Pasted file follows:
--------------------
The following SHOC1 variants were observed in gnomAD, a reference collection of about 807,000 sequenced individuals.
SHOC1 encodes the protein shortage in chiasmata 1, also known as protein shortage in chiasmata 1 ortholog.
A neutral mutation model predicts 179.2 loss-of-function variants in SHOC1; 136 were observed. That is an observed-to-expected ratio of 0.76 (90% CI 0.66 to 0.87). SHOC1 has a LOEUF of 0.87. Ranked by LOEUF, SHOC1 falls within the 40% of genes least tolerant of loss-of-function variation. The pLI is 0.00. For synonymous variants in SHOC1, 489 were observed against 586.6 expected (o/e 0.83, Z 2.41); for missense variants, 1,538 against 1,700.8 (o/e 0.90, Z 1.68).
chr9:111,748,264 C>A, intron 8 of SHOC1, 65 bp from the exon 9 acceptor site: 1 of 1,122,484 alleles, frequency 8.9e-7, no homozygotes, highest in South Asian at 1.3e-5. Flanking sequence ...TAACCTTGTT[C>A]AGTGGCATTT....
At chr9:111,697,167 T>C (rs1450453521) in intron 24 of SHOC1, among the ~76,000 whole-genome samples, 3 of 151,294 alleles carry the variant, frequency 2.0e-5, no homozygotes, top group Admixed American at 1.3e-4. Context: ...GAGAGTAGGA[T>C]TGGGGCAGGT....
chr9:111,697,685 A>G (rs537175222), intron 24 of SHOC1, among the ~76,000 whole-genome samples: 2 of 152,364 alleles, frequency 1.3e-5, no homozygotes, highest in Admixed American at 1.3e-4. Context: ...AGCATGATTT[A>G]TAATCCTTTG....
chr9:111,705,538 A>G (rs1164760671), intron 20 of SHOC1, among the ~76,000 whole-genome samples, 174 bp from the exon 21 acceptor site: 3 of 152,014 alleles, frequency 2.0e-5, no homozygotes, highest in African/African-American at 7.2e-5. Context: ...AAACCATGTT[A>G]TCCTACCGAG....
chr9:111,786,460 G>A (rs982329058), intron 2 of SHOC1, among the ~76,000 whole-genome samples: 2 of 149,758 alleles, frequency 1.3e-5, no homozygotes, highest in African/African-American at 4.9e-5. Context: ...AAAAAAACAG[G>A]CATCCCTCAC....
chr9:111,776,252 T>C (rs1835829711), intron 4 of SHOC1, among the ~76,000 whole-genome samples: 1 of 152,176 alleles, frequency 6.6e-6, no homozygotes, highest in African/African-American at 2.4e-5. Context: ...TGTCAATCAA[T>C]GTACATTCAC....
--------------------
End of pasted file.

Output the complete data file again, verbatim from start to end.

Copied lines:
The following SHOC1 variants were observed in gnomAD, a reference collection of about 807,000 sequenced individuals.
SHOC1 encodes the protein shortage in chiasmata 1, also known as protein shortage in chiasmata 1 ortholog.
A neutral mutation model predicts 179.2 loss-of-function variants in SHOC1; 136 were observed. That is an observed-to-expected ratio of 0.76 (90% CI 0.66 to 0.87). SHOC1 has a LOEUF of 0.87. Ranked by LOEUF, SHOC1 falls within the 40% of genes least tolerant of loss-of-function variation. The pLI is 0.00. For synonymous variants in SHOC1, 489 were observed against 586.6 expected (o/e 0.83, Z 2.41); for missense variants, 1,538 against 1,700.8 (o/e 0.90, Z 1.68).
chr9:111,748,264 C>A, intron 8 of SHOC1, 65 bp from the exon 9 acceptor site: 1 of 1,122,484 alleles, frequency 8.9e-7, no homozygotes, highest in South Asian at 1.3e-5. Flanking sequence ...TAACCTTGTT[C>A]AGTGGCATTT....
At chr9:111,697,167 T>C (rs1450453521) in intron 24 of SHOC1, among the ~76,000 whole-genome samples, 3 of 151,294 alleles carry the variant, frequency 2.0e-5, no homozygotes, top group Admixed American at 1.3e-4. Context: ...GAGAGTAGGA[T>C]TGGGGCAGGT....
chr9:111,697,685 A>G (rs537175222), intron 24 of SHOC1, among the ~76,000 whole-genome samples: 2 of 152,364 alleles, frequency 1.3e-5, no homozygotes, highest in Admixed American at 1.3e-4. Context: ...AGCATGATTT[A>G]TAATCCTTTG....
chr9:111,705,538 A>G (rs1164760671), intron 20 of SHOC1, among the ~76,000 whole-genome samples, 174 bp from the exon 21 acceptor site: 3 of 152,014 alleles, frequency 2.0e-5, no homozygotes, highest in African/African-American at 7.2e-5. Context: ...AAACCATGTT[A>G]TCCTACCGAG....
chr9:111,786,460 G>A (rs982329058), intron 2 of SHOC1, among the ~76,000 whole-genome samples: 2 of 149,758 alleles, frequency 1.3e-5, no homozygotes, highest in African/African-American at 4.9e-5. Context: ...AAAAAAACAG[G>A]CATCCCTCAC....
chr9:111,776,252 T>C (rs1835829711), intron 4 of SHOC1, among the ~76,000 whole-genome samples: 1 of 152,176 alleles, frequency 6.6e-6, no homozygotes, highest in African/African-American at 2.4e-5. Context: ...TGTCAATCAA[T>C]GTACATTCAC....